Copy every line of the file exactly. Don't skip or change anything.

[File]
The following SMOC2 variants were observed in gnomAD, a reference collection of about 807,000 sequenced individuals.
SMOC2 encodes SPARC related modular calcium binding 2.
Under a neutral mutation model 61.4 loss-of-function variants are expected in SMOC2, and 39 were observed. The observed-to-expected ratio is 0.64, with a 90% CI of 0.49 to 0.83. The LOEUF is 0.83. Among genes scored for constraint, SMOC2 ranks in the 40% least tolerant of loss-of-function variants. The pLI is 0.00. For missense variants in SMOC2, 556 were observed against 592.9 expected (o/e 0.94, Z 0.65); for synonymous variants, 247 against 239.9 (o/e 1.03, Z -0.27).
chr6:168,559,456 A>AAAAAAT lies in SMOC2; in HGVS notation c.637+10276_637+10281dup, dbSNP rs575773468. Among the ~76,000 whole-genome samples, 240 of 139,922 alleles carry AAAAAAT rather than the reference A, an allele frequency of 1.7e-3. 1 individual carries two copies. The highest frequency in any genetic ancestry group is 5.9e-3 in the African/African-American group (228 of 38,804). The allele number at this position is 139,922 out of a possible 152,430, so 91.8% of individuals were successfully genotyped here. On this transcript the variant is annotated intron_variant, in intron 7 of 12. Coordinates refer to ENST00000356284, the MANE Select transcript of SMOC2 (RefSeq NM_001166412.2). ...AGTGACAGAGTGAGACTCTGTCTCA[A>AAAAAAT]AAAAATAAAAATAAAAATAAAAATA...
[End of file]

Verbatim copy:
The following SMOC2 variants were observed in gnomAD, a reference collection of about 807,000 sequenced individuals.
SMOC2 encodes SPARC related modular calcium binding 2.
Under a neutral mutation model 61.4 loss-of-function variants are expected in SMOC2, and 39 were observed. The observed-to-expected ratio is 0.64, with a 90% CI of 0.49 to 0.83. The LOEUF is 0.83. Among genes scored for constraint, SMOC2 ranks in the 40% least tolerant of loss-of-function variants. The pLI is 0.00. For missense variants in SMOC2, 556 were observed against 592.9 expected (o/e 0.94, Z 0.65); for synonymous variants, 247 against 239.9 (o/e 1.03, Z -0.27).
chr6:168,559,456 A>AAAAAAT lies in SMOC2; in HGVS notation c.637+10276_637+10281dup, dbSNP rs575773468. Among the ~76,000 whole-genome samples, 240 of 139,922 alleles carry AAAAAAT rather than the reference A, an allele frequency of 1.7e-3. 1 individual carries two copies. The highest frequency in any genetic ancestry group is 5.9e-3 in the African/African-American group (228 of 38,804). The allele number at this position is 139,922 out of a possible 152,430, so 91.8% of individuals were successfully genotyped here. On this transcript the variant is annotated intron_variant, in intron 7 of 12. Coordinates refer to ENST00000356284, the MANE Select transcript of SMOC2 (RefSeq NM_001166412.2). ...AGTGACAGAGTGAGACTCTGTCTCA[A>AAAAAAT]AAAAATAAAAATAAAAATAAAAATA...